What Factors Affect Robbery Sentencing?

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  • Written By: Renee Booker
  • Edited By: E. E. Hubbard
  • Last Modified Date: 23 January 2020
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The elements required to convict a person of robbery, as well as the factors that affect a robbery sentencing, will differ among jurisdictions. As a general rule, robbery is basically a theft that is accomplished by the use, or threat of use, of force. Factors that may affect a robbery sentencing include whether a weapon was actually used or not and what weapon it was. as well as whether or not the victim was injured. In addition, the dollar value of the property taken, the defendant's criminal history, and whether or not the defendant accepted a plea agreement will affect a robbery sentencing.

Theft, in most jurisdictions, is found when a person exerts unauthorized control over the property of another person with the intent to deprive the person of the property. A theft becomes a robbery when force, or the threat of force, is used to commit the theft. The force element does not require a weapon to be used; however, use of a weapon may elevate the robbery charge to a higher level. When a weapon is used, many jurisdictions charge the crime as "armed robbery" or "robbery with a deadly weapon," which is typically a higher level crime that carries a longer possible maximum sentence.


The use of a weapon may also make the crime non-suspendable. Some crimes, and some defendants, are considered "non-suspendable," meaning the minimum sentence cannot be suspended and the defendant may not receive probation as an alternative to incarceration. The use of a weapon may also affect a robbery sentencing in that it may have caused more severe injuries to the victim. Even if the weapon was not actually used, the threat of a weapon may have a serious psychological impact on a victim, which is something a judge is likely to consider when sentencing the defendant.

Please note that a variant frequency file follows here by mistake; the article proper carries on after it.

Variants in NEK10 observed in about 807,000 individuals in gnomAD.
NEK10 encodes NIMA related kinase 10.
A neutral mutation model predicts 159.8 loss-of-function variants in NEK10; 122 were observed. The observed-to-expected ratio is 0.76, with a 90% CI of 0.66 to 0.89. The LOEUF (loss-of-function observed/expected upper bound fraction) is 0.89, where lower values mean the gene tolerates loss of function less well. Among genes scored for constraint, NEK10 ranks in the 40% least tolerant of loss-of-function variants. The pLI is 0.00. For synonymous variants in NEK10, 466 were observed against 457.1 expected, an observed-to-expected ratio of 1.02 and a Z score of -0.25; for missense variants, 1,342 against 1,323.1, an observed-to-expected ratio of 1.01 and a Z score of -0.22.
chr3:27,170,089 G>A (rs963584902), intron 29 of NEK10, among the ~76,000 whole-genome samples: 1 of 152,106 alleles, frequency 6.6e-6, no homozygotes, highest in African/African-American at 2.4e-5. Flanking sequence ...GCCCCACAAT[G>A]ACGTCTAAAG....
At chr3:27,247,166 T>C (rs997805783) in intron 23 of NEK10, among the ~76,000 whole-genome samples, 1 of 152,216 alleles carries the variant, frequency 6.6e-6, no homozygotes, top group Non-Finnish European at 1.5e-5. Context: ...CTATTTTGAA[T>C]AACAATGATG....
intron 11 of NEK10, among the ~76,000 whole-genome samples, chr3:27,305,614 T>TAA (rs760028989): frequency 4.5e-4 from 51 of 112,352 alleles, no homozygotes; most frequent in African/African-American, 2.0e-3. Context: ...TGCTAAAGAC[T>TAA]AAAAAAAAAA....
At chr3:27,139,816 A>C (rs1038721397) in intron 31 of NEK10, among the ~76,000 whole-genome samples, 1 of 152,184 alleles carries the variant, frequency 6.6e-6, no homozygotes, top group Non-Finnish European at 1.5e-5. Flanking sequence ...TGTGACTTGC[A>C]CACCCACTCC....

In many jurisdictions, the value of the property taken in the robbery also affects the sentencing. Sometimes, property over a certain dollar amount elevates the robbery to a higher level, which, in turn, elevates the potential robbery sentence. If the defendant accepts a plea agreement, which the judge ultimately accepts, then the judge is bound by the terms of the plea agreement with regard to sentencing in most jurisdictions. On the other hand, if the defendant loses at trial, then the judge is only confined by the maximum allowable sentence under the applicable statute.

The defendant's criminal history, if he or she has one, will affect a robbery sentencing. If the defendant has a substantial criminal history, particularly a history of violence, then he or she is more likely to receive a longer sentence than a defendant with little or no criminal history. In some cases, when a defendant has a previous felony conviction, he or she may be non-suspendable and, therefore, must receive at least the minimum sentence.


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Post 3

@Chmander - It hasn't been discussed, but I feel that there's an important point that should be brought up. More than often, the sentencing for a crime really depends on how old you are. For example, if you're of a very young age, between five and ten, the police may not do much, and might just give you a warning, telling you that stealing is bad. However, the older you get, the more severe the consequences become. As a teenager, you'll spend time in a juvenile detention center, and as an adult...well, that's completely out of the question. The older you get, the more people expect you to act your age, and the larger the consequences for your actions are.

Post 2

The last paragraph is on the nose, especially when it discusses how a sentence is dependent on a person's history. Sometimes, you may even get a second chance, but it's not always likely. Big or small, crimes can have long term effects, and the consequences are even larger. If you can't do the time, then don't do the crime.

Post 1

As the article states, many of the factors that affect a robbery sentencing depend on the type you committed, and whether you used force or not. For example, stealing from someone's person is definitely a crime, but if you assault them as well, or use physical force, the charges will go up. A crime is a crime, but there are always factors that affect the severity of the situation.

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